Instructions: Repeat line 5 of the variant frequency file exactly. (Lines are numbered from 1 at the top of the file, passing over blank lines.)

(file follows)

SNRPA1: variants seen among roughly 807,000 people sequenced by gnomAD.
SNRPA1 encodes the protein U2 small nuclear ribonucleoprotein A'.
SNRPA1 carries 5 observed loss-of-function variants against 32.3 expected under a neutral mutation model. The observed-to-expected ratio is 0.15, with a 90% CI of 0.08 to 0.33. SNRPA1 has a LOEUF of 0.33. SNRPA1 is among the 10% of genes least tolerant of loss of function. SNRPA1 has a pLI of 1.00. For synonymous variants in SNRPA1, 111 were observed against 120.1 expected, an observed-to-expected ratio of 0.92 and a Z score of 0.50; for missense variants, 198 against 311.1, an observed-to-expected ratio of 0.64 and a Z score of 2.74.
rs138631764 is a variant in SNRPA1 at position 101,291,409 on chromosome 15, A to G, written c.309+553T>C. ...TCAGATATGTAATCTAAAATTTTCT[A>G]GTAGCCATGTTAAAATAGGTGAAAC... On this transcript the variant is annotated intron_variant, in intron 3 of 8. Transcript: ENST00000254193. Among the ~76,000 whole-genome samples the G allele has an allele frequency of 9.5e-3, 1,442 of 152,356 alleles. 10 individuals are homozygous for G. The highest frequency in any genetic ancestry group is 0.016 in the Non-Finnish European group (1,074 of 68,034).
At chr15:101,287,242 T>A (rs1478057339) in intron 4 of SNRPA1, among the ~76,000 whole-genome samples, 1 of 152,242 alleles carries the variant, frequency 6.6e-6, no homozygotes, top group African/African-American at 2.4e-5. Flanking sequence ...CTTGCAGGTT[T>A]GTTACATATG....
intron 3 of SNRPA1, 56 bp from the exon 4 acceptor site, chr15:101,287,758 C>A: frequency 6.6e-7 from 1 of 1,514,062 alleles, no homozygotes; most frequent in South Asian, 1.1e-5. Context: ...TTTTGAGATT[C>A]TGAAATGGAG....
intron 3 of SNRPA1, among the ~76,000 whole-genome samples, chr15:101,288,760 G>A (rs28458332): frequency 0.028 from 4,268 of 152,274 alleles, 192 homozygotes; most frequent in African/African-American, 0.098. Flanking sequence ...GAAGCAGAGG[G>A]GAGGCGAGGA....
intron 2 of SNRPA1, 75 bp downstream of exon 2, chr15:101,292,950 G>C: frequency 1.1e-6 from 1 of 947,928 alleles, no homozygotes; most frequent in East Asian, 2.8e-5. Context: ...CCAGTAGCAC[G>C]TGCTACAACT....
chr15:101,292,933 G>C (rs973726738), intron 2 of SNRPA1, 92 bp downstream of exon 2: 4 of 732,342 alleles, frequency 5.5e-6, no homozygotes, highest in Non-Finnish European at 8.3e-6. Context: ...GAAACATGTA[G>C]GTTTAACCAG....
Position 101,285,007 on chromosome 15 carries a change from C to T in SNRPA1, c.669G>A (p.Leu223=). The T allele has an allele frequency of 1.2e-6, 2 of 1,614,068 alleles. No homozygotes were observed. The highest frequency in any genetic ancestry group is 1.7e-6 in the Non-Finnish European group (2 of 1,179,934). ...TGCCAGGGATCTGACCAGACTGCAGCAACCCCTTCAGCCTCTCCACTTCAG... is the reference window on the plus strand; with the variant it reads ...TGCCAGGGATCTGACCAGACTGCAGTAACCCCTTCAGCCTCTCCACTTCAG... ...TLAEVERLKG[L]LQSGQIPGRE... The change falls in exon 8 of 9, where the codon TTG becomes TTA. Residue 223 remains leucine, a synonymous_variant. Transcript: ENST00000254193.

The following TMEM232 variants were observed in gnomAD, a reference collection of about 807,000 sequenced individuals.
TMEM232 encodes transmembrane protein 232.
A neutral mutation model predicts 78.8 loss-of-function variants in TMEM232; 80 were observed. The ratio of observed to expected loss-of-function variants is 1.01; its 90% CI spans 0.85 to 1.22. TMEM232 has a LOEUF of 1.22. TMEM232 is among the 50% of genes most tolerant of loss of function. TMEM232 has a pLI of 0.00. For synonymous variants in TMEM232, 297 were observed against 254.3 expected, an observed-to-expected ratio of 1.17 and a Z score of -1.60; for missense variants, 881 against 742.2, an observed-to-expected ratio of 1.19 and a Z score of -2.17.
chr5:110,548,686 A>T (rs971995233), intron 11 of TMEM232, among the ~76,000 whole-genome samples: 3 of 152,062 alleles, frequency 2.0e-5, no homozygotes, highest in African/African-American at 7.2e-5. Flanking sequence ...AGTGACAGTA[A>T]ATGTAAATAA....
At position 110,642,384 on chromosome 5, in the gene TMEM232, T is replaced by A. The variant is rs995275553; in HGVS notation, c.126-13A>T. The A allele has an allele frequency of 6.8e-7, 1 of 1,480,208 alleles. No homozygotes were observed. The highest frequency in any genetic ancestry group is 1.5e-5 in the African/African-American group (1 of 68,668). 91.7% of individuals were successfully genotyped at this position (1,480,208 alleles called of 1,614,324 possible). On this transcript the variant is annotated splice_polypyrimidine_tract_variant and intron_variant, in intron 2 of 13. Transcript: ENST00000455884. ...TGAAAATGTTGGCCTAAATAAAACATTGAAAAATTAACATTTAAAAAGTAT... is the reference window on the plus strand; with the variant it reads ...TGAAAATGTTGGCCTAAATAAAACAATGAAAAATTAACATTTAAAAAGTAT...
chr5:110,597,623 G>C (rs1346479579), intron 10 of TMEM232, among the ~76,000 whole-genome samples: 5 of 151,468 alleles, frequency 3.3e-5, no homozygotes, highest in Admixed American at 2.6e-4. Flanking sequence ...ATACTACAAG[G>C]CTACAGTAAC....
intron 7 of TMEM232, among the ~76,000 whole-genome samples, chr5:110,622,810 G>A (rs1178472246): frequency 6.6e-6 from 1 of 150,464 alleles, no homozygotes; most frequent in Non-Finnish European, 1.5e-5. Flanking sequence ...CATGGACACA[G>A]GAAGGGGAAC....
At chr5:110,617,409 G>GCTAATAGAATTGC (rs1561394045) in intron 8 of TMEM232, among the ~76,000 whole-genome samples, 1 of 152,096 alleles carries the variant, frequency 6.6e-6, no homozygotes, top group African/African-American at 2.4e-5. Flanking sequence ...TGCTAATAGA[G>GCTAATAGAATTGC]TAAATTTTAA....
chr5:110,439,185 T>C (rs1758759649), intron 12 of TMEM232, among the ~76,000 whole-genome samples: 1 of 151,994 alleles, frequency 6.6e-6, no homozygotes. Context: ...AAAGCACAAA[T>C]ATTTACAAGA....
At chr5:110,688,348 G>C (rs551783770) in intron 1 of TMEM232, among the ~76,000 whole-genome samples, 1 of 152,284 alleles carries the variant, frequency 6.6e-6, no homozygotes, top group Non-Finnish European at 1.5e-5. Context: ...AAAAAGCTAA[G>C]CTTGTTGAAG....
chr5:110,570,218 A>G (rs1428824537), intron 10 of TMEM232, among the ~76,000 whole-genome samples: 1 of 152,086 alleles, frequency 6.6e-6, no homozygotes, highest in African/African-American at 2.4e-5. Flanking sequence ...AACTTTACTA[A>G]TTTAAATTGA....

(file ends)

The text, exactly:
At chr15:101,287,242 T>A (rs1478057339) in intron 4 of SNRPA1, among the ~76,000 whole-genome samples, 1 of 152,242 alleles carries the variant, frequency 6.6e-6, no homozygotes, top group African/African-American at 2.4e-5. Flanking sequence ...CTTGCAGGTT[T>A]GTTACATATG....